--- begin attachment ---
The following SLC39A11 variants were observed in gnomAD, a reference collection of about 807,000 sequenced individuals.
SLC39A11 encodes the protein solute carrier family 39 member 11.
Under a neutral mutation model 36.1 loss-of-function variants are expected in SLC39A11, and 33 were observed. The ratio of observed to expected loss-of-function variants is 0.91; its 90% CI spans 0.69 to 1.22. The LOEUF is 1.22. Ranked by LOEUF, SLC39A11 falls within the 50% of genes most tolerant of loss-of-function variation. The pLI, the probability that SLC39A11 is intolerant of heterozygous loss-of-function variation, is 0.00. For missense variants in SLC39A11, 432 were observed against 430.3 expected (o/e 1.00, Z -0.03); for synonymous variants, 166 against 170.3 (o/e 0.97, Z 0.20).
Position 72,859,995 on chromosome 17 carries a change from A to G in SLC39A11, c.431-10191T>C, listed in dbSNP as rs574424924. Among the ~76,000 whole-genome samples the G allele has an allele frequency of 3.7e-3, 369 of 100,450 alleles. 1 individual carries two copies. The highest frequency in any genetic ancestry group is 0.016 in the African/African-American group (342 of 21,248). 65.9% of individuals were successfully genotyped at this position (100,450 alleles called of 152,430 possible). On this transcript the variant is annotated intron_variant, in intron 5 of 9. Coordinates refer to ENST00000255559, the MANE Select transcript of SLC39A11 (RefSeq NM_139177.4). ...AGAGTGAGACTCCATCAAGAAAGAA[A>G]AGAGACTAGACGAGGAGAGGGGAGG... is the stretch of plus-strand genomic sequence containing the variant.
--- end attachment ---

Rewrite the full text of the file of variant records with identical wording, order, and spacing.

The following SLC39A11 variants were observed in gnomAD, a reference collection of about 807,000 sequenced individuals.
SLC39A11 encodes the protein solute carrier family 39 member 11.
Under a neutral mutation model 36.1 loss-of-function variants are expected in SLC39A11, and 33 were observed. The ratio of observed to expected loss-of-function variants is 0.91; its 90% CI spans 0.69 to 1.22. The LOEUF is 1.22. Ranked by LOEUF, SLC39A11 falls within the 50% of genes most tolerant of loss-of-function variation. The pLI, the probability that SLC39A11 is intolerant of heterozygous loss-of-function variation, is 0.00. For missense variants in SLC39A11, 432 were observed against 430.3 expected (o/e 1.00, Z -0.03); for synonymous variants, 166 against 170.3 (o/e 0.97, Z 0.20).
Position 72,859,995 on chromosome 17 carries a change from A to G in SLC39A11, c.431-10191T>C, listed in dbSNP as rs574424924. Among the ~76,000 whole-genome samples the G allele has an allele frequency of 3.7e-3, 369 of 100,450 alleles. 1 individual carries two copies. The highest frequency in any genetic ancestry group is 0.016 in the African/African-American group (342 of 21,248). 65.9% of individuals were successfully genotyped at this position (100,450 alleles called of 152,430 possible). On this transcript the variant is annotated intron_variant, in intron 5 of 9. Coordinates refer to ENST00000255559, the MANE Select transcript of SLC39A11 (RefSeq NM_139177.4). ...AGAGTGAGACTCCATCAAGAAAGAA[A>G]AGAGACTAGACGAGGAGAGGGGAGG... is the stretch of plus-strand genomic sequence containing the variant.